Merge in GitHub pull requests, possibly making changes to them first
I recently started managing a project on GitHub where people have been submitting pull requests. Rather than merge them to master, I would like the ability to:
First vet them to make sure they actually work
- Move .git repo to parent directory
- Can you issue pull requests from the command line on GitHub?
- Forking a GitHub repo using from the command line with bash, cURL, and the GitHub API
- How to delete everything inside GIT repository?
- Git - Different Remote for each Branch
- Git push failure (Github/RStudio)
Possibly making some stylistic changes before merging to master
How can I do this?
Do you have to make a separate branch, such as “dev”, and instruct people to code against that before you merge to master?
2 Solutions collect form web for “Merge in GitHub pull requests, possibly making changes to them first”
There is a github help page on this which details how to make changes to a pull request by checking out pull requests locally.
What I might try is first creating a remote for the pull request submitter (I’m using the examples from the above page):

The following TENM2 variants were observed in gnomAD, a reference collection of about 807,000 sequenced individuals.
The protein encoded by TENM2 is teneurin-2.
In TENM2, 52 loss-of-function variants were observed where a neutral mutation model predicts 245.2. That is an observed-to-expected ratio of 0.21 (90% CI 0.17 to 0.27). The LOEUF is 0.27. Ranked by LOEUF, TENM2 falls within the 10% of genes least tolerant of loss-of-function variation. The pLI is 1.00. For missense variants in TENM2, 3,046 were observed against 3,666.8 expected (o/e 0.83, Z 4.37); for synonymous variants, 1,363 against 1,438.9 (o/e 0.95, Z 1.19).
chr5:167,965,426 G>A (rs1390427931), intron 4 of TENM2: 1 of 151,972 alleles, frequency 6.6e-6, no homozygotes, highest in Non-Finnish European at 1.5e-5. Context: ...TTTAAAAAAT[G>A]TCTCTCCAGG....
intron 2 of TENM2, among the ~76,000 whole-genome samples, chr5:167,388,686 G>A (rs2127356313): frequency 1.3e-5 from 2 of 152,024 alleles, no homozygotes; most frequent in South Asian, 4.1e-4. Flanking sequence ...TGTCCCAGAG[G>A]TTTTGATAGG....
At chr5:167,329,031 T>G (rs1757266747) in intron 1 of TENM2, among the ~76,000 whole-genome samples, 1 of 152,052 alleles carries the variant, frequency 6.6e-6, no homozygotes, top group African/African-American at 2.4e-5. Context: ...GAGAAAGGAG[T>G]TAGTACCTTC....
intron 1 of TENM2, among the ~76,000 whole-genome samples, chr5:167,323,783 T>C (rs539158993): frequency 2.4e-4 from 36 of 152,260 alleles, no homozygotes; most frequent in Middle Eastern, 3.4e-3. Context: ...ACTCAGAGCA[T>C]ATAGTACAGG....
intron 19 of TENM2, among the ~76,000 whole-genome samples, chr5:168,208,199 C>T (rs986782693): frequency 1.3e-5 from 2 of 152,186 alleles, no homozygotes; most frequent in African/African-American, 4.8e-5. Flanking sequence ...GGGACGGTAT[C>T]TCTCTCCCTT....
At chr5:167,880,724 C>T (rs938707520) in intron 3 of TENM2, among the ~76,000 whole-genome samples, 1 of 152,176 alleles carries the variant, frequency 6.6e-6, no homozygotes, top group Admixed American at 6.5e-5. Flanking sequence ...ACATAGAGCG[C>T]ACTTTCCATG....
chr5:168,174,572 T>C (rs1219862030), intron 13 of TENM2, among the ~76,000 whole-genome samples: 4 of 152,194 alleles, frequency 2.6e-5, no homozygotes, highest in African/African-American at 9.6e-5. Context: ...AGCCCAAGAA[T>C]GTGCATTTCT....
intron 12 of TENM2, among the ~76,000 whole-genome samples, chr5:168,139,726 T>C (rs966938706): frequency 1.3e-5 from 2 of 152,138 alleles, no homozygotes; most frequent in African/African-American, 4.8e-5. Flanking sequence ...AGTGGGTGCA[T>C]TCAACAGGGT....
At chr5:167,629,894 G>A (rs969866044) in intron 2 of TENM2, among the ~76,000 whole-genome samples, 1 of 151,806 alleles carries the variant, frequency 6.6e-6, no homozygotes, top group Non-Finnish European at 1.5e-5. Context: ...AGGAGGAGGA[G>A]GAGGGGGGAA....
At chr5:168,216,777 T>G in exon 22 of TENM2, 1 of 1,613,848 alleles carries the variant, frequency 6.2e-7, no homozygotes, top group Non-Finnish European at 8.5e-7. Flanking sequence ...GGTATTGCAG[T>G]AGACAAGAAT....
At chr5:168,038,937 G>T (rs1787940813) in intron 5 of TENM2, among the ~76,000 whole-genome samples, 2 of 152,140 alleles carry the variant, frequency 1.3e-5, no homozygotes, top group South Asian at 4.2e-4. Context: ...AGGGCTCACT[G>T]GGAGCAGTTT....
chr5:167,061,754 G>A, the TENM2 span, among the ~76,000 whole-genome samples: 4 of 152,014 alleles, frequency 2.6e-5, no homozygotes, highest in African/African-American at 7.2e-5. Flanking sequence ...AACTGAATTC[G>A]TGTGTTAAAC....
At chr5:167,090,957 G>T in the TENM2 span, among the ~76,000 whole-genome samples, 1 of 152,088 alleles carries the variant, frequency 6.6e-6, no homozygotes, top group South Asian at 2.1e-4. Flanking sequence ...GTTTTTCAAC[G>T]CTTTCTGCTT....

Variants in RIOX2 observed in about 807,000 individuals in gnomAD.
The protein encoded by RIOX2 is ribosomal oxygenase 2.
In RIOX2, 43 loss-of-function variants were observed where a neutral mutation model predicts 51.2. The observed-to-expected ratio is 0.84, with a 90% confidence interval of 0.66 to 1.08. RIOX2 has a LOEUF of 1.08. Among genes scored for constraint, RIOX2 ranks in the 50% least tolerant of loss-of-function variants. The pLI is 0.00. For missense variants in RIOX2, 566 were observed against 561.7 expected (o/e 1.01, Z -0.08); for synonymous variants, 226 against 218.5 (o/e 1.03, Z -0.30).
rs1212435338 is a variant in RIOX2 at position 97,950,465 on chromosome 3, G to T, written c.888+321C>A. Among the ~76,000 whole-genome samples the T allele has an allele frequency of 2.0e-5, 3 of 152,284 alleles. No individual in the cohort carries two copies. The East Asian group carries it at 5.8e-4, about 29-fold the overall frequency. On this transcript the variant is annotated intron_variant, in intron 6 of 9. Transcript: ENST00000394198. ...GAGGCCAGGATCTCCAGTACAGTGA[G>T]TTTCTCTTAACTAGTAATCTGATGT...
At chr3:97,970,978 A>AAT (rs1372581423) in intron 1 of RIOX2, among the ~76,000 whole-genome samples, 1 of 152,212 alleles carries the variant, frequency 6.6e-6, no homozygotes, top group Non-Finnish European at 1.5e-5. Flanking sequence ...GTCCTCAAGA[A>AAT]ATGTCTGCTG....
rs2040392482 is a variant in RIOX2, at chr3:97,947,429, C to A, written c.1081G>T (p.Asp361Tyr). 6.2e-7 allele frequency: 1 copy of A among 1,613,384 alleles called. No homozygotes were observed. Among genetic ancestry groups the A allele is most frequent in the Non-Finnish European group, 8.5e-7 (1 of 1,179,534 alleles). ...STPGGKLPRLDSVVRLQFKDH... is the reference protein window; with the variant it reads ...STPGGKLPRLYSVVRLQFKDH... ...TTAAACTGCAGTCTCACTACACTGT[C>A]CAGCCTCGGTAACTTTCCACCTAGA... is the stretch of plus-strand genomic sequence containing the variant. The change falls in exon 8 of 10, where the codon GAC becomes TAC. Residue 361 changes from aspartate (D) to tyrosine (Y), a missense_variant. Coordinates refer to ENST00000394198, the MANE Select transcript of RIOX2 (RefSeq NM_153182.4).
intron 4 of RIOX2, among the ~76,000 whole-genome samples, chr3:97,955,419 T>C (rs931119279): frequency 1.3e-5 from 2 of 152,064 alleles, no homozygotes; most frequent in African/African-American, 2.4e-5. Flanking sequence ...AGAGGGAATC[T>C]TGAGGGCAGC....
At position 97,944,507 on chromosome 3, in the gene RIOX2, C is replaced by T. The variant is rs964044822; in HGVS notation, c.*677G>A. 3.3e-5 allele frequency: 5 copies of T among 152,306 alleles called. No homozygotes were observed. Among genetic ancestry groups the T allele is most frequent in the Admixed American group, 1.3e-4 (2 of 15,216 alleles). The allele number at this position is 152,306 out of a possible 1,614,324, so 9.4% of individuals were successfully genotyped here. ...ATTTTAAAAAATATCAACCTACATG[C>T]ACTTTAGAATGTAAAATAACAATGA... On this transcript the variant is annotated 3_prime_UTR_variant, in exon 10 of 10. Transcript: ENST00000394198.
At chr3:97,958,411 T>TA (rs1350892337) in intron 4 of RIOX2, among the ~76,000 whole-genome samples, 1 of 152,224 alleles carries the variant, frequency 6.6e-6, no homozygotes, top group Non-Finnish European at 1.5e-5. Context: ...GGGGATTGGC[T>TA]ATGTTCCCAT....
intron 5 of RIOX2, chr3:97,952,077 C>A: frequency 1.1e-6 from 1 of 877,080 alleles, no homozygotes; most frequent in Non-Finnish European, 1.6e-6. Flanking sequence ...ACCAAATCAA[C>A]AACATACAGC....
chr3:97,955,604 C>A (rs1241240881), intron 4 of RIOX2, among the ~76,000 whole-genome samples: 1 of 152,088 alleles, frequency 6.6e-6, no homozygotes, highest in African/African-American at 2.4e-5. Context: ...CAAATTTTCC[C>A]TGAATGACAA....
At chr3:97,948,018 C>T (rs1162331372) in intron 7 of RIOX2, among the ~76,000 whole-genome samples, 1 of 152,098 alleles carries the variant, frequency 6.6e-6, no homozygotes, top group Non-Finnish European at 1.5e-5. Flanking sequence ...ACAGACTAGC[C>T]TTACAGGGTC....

git remote add kneath git://github.com/kneath/jobs.git
Fetch the changes:
git fetch kneath
Check out the branch in question (ex. master):
git checkout kneath/master
Vet them however you like, since the code that will be there will be the pull request code. Run tests, etc.
Merge them in if you’re good to go:
git checkout master git merge kneath/master
Further, here is a very good page on git project management workflows which details the various workflows one can take on collaboration integration.
A faster way of doing things with GitHub is to use this GitHub feature presented by Zach Holman in his GitHub Secrets II Talk (video).
git fetch origin pull/id/head:name
id is the pull request id,
head is the remote branch (on the fork), and
name is the name you want to give the local branch. For example:
git fetch origin pull/12/head:pr
Fetches pull request #12 into a branch named pr.
You can add this as an alias in git if you use this a lot.